Following a decrease in viewership this past season, the National Football League is seeking to double their TV contract fees for networks to televise their games.
The league is currently holding renewal talks with all four existing network partners, including NBC, CBS, FOX, and ESPN. Supposedly, Disney-owned ESPN is pushing back against the NFL’s proposed higher renewal fees, according to a CNBC report.
Monday Night Football is the NFL’s most costly television rights package. Disney pays $1.9 billion per season for the rights to air the MNF games along with other co-branding opportunities. Additionally, FOX pays $1.1 billion and CBS pays $1 billion for their Sunday afternoon game coverage. Furthermore, NBC spends $960 million annually for Sunday Night Football.
On March 1, the NFL league year begins, so the league and networks don’t have long to come to an agreement. Due to the COVID-19 pandemic, game attendance was reduced or canceled altogether. Therefore, the NFL is making it a priority to make up for the lack of revenue received from in-game attendance.
NFL Ratings Down, But Still Top Most-Watched Shows of 2020
What was once an unwavering juggernaut when it comes to television ratings, NFL viewership has tiered off a bit in recent history.
According to Nielsen ratings, the 2020 NFL regular season saw TV ratings drop 7% compared to the 2019 season. However, a report in Variety titled “THE 100 TOP-RATED SERIES OF 2019-2020 (ADULTS 18-49)” shows the NFL is still king of television ratings. The top three rated slots are all held by the NFL and their Sunday night, Thursday night, and Monday night programs in that order.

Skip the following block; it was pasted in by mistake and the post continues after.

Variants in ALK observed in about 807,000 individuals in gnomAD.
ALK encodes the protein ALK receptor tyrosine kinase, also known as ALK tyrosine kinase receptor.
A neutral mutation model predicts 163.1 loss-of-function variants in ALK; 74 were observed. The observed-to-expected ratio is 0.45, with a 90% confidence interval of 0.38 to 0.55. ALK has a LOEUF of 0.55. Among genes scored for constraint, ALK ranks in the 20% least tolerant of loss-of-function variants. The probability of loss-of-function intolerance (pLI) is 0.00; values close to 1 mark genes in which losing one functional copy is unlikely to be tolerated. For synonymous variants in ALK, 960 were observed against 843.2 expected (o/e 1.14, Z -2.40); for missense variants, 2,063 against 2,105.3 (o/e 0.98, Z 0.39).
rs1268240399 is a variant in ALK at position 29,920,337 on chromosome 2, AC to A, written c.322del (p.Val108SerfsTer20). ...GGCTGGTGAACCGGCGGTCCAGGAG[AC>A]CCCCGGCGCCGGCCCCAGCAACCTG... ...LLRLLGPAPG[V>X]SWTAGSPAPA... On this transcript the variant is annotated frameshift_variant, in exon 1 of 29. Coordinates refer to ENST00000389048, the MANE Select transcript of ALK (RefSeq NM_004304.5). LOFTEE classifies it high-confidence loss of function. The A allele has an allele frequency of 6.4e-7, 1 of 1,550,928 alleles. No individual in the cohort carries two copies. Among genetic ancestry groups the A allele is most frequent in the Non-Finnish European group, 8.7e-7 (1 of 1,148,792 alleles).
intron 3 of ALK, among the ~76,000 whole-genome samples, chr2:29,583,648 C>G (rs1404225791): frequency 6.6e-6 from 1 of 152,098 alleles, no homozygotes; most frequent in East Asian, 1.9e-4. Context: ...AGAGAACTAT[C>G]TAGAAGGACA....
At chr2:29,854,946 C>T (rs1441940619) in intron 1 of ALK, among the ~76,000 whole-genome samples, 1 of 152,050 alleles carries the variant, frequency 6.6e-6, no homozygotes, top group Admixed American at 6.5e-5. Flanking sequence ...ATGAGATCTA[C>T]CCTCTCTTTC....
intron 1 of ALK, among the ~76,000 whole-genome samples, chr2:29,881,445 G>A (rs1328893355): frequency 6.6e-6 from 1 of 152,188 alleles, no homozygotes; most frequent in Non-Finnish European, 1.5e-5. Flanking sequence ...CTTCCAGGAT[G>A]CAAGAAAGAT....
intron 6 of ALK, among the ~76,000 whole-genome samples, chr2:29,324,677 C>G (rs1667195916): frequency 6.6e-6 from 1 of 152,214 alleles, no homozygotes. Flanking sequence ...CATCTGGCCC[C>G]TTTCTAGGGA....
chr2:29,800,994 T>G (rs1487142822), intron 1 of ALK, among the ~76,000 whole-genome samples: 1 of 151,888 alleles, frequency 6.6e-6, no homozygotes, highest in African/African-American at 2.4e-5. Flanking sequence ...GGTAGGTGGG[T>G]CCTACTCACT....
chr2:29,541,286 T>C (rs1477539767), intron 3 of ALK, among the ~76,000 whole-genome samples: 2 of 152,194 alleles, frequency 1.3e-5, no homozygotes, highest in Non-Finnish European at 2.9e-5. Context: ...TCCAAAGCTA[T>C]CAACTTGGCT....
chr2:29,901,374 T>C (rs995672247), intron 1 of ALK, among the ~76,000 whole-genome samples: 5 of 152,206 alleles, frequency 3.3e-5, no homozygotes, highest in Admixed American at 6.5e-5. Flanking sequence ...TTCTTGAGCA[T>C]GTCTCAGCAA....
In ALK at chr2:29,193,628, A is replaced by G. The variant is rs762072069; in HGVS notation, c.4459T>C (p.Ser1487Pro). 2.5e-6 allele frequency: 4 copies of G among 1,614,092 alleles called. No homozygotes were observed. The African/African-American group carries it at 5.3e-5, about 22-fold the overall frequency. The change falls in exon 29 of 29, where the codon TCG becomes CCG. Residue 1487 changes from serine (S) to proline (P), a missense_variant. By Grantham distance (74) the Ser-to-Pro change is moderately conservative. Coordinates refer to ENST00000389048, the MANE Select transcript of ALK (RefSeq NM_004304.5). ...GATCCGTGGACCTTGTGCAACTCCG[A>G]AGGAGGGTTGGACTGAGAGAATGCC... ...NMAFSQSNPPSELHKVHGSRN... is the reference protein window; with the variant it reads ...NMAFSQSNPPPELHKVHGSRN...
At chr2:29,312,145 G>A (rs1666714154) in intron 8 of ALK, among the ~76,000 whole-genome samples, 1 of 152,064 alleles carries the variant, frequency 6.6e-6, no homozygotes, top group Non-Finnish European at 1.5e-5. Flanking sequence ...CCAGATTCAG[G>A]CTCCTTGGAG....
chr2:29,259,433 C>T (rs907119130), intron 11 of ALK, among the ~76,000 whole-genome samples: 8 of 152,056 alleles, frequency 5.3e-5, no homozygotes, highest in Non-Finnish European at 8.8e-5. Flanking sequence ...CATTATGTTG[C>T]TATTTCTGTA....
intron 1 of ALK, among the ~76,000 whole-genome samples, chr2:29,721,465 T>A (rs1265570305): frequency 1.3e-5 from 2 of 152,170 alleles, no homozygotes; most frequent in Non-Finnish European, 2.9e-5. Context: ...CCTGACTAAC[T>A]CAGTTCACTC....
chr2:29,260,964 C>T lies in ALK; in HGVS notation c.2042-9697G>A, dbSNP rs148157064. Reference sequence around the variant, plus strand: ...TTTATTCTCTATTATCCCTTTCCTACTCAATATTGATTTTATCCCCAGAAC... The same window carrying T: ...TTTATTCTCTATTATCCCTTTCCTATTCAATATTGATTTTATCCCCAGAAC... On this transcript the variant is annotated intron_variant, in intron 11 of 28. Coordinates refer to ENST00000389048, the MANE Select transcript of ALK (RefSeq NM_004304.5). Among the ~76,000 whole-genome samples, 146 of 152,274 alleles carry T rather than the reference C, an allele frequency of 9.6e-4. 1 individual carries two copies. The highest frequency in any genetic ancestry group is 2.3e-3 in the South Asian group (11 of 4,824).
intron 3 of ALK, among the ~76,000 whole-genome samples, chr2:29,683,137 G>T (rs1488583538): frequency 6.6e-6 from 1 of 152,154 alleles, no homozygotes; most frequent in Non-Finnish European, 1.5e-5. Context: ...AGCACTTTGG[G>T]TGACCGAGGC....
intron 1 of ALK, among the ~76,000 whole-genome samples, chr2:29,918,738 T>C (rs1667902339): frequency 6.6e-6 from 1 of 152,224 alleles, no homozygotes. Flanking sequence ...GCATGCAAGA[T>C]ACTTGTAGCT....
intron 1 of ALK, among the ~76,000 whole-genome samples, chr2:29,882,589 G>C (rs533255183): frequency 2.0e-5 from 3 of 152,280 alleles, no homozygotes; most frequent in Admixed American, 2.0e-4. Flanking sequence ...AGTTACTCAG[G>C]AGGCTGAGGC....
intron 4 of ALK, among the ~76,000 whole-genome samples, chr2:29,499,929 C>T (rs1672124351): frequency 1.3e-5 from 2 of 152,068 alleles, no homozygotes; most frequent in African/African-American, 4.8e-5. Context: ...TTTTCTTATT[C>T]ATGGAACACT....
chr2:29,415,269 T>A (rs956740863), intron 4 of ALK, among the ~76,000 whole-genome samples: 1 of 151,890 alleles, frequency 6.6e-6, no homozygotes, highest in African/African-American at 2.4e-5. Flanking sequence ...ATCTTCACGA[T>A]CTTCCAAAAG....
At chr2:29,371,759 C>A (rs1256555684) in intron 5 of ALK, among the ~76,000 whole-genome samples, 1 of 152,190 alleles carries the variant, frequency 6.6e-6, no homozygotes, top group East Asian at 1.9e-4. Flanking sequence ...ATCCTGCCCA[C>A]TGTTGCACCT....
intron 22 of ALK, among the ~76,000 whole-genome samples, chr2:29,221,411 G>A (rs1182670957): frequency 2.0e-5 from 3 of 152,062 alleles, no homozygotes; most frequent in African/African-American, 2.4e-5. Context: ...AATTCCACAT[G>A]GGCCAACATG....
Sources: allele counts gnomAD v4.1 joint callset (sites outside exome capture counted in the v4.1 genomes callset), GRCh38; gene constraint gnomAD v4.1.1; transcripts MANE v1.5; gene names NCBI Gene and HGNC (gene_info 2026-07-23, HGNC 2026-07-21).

According to a Forbes report, the viewership for the 17-week regular-season NFL games decreased across all broadcast and cable networks. The NFL averaged 15.4 million viewers during the 2020 regular season. The viewership ratings equaled the lowest average audience since 2017.
While the league has seen an overall decline in ratings, it’s still the highest-rated television show around. The four networks that hold the rights to NFL coverage will surely want to retain their TV contracts going forward. Last week, Disney CEO Bob Chapek commented on the network’s longtime NFL television rights deal during a company earnings conference call.
“We’re looking at the long-term trends of sports viewership,” Chapek explained. “We’ve had a long relationship with the NFL. If there’s a deal that will be accretive to shareholder value, we will certainly entertain that and look at that. But our first filter will be to say whether it makes sense for shareholder value going forward.”